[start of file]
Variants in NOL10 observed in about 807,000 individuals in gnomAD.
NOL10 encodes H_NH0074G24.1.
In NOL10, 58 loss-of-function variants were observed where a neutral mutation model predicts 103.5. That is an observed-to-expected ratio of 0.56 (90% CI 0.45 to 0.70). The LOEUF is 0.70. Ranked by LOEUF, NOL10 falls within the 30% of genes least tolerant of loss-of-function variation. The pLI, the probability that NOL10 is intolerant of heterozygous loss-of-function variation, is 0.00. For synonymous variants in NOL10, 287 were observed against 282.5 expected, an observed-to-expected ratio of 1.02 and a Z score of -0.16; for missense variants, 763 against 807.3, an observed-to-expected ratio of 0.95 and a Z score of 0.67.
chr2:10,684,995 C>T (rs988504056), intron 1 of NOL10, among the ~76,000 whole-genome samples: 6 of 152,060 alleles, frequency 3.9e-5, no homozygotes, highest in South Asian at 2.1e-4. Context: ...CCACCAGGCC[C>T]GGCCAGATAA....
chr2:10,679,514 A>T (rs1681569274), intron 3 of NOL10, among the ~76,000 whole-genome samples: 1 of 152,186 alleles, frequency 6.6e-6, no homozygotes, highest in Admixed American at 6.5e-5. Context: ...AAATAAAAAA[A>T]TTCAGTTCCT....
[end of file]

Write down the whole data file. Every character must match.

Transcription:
Variants in NOL10 observed in about 807,000 individuals in gnomAD.
NOL10 encodes H_NH0074G24.1.
In NOL10, 58 loss-of-function variants were observed where a neutral mutation model predicts 103.5. That is an observed-to-expected ratio of 0.56 (90% CI 0.45 to 0.70). The LOEUF is 0.70. Ranked by LOEUF, NOL10 falls within the 30% of genes least tolerant of loss-of-function variation. The pLI, the probability that NOL10 is intolerant of heterozygous loss-of-function variation, is 0.00. For synonymous variants in NOL10, 287 were observed against 282.5 expected, an observed-to-expected ratio of 1.02 and a Z score of -0.16; for missense variants, 763 against 807.3, an observed-to-expected ratio of 0.95 and a Z score of 0.67.
chr2:10,684,995 C>T (rs988504056), intron 1 of NOL10, among the ~76,000 whole-genome samples: 6 of 152,060 alleles, frequency 3.9e-5, no homozygotes, highest in South Asian at 2.1e-4. Context: ...CCACCAGGCC[C>T]GGCCAGATAA....
chr2:10,679,514 A>T (rs1681569274), intron 3 of NOL10, among the ~76,000 whole-genome samples: 1 of 152,186 alleles, frequency 6.6e-6, no homozygotes, highest in Admixed American at 6.5e-5. Context: ...AAATAAAAAA[A>T]TTCAGTTCCT....